James Crawford has great advice, as usual. And not for the first time, neither.
So pay attention this go-round, willya? I’m reblogging this from his excellent blog.
Maybe even check out his scary book, maybe?
- You can’t write with the expectation of fame or monetary gain.
- Your emotional state can profoundly impact your work.
- Your emotional state can profoundly change your ability to work.
- Writers do not stop writing, much like Coders do not stop coding. It is a discipline, an art, and a constant presence in our consciousness.
- Peers and friends who write are some of the best resources you have. Reach out to them. This is one of the things that social media is for, and excels at.
- Don’t know what to write? Pick up and old idea, toss it with another genre, and use it as an exercise. You might come up with something astounding. You might make useful garbage.
- Having trouble writing, reach out to a peer and start a game of Exquisite Corpse.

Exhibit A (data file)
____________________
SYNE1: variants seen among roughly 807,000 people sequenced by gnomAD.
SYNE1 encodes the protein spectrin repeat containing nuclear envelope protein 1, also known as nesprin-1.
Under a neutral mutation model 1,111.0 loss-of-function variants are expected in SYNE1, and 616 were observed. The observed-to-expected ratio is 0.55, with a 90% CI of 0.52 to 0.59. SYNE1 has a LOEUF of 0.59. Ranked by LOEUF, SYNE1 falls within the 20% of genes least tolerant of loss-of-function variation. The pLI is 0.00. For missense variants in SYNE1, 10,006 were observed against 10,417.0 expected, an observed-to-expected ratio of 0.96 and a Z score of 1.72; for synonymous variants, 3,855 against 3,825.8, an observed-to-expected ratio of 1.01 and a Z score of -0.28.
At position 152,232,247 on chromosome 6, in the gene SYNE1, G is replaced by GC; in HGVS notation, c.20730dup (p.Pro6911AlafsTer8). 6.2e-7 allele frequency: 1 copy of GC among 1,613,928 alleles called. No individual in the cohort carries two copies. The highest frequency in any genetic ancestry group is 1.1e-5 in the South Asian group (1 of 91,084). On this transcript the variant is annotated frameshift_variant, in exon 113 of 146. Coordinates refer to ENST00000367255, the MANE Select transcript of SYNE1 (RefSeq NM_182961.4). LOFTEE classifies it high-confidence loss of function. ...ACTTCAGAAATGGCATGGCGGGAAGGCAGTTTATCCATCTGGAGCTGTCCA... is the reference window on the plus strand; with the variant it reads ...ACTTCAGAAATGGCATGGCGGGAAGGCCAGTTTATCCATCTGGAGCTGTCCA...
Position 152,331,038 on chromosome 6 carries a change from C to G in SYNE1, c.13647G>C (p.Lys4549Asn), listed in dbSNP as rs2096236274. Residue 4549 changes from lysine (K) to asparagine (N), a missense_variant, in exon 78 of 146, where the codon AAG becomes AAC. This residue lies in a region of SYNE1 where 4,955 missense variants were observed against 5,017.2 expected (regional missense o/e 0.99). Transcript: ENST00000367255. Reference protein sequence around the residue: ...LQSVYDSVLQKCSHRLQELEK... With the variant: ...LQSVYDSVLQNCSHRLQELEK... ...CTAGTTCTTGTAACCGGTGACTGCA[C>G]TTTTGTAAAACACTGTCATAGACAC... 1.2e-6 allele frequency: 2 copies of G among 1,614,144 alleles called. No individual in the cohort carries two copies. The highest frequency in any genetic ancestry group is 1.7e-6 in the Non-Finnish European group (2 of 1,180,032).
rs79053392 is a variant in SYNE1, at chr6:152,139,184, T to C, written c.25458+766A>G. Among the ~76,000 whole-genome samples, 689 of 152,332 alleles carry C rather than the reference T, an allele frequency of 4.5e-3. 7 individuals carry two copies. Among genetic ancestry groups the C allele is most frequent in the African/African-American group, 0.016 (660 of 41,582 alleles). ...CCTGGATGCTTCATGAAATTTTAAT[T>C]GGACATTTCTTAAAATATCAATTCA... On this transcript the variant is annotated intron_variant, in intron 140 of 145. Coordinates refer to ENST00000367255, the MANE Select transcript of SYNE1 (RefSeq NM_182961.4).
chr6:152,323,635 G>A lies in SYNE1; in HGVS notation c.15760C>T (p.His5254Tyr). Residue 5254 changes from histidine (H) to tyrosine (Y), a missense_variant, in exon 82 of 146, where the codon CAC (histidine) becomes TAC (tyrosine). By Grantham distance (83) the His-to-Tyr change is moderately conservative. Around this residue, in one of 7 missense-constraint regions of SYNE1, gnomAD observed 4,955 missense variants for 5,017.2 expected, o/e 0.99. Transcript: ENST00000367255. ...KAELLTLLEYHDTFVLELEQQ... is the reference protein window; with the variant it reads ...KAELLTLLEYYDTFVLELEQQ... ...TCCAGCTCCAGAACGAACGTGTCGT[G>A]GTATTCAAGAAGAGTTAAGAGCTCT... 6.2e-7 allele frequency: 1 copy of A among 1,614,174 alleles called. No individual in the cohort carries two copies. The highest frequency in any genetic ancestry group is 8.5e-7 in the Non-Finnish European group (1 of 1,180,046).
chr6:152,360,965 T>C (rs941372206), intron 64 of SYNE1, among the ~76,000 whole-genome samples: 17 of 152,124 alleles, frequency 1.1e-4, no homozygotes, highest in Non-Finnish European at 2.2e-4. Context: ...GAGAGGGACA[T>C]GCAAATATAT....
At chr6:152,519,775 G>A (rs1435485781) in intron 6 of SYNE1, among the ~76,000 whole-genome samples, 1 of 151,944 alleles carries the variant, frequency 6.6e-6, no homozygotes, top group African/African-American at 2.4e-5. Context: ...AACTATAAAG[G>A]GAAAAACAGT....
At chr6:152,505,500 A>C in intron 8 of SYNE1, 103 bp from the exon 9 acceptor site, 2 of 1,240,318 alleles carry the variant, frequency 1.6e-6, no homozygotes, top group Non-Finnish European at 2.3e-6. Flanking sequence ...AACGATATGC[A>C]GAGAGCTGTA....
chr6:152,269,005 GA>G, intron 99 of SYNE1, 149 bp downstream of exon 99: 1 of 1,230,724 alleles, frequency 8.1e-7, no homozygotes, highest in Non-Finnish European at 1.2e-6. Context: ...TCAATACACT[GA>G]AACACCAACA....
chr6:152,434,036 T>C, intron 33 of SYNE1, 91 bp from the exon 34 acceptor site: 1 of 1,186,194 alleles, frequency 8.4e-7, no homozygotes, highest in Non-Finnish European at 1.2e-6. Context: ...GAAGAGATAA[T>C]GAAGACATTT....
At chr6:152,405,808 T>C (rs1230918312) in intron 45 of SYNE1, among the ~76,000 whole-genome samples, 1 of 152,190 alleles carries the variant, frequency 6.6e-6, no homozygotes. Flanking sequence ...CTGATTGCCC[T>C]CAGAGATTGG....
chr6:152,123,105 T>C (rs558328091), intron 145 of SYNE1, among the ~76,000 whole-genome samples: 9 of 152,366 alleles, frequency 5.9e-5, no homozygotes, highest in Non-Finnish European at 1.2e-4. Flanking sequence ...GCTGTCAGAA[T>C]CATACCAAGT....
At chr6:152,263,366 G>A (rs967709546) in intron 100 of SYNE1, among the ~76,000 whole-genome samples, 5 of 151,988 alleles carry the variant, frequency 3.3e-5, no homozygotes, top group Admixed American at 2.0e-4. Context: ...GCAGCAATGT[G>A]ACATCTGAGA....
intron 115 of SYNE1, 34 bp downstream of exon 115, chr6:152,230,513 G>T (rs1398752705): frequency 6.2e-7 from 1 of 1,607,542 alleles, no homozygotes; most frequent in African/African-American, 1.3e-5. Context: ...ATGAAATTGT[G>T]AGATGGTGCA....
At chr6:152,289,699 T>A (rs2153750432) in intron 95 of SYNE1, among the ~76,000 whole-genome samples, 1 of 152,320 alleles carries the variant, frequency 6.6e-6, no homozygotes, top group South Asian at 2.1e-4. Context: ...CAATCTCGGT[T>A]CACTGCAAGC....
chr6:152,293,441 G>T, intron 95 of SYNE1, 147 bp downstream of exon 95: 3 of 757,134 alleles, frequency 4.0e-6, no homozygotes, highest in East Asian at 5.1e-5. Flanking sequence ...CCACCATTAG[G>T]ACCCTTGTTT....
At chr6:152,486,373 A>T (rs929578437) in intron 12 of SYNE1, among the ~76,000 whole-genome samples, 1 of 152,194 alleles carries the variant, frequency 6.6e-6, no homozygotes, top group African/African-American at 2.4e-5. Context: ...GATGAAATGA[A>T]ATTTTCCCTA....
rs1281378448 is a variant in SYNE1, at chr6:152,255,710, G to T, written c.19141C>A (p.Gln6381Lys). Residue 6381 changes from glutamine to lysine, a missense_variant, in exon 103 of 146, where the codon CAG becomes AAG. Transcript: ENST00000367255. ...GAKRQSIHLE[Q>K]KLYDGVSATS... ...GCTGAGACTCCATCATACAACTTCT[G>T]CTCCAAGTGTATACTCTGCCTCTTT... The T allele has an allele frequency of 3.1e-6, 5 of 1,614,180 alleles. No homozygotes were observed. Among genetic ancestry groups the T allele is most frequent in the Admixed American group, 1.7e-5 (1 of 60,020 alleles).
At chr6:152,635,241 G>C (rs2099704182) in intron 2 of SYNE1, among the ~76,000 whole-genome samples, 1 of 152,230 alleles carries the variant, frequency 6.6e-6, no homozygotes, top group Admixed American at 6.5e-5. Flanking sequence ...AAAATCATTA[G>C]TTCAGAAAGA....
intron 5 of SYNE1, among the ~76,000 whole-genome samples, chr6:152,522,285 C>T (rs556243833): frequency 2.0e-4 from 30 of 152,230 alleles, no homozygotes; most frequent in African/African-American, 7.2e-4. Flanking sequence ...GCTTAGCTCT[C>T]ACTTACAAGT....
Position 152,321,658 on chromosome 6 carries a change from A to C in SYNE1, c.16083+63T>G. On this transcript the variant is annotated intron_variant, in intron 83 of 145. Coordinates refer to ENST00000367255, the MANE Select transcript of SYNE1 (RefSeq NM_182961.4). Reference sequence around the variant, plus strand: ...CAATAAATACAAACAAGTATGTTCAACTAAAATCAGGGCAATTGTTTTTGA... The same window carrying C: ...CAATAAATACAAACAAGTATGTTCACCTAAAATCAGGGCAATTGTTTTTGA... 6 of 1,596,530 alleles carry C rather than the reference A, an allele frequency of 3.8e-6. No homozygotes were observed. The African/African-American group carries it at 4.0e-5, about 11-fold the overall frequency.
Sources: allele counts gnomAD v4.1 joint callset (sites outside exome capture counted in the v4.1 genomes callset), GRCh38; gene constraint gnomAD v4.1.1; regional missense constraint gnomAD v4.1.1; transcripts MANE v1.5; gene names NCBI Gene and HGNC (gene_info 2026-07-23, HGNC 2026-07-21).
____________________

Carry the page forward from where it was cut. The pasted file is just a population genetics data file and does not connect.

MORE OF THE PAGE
- Know of a coffee shop or restaurant in your area that has a bookshelf for customers? Tell the host/hostess that you’d like to bring in a signed copy of your book and leave it for the customers. Follow through on it. I just did this last night, and they were thrilled to have a local author around.
- Trade reviews with other authors, and use them as content on your website. This generates traffic for both of you.
- That rule also applies to interviews. Have you met my Illustrious Peeps? There will be more in the near future.
- If you have a copy of your book on your person (don’t leave home without it), and someone expresses interest in it, give it to them and sign it. Why? They will tell their friends about it, and might share it with them. Expand your audience.
- Provide emotional support to other authors who need it. Why? You hurt too. Compassion goes a long way.
- Appreciate your spouse/significant other/partner until you’re blue in the face. Chances are, he, or she, does not get what we do, but accepts it because they love you.
That’s all for now.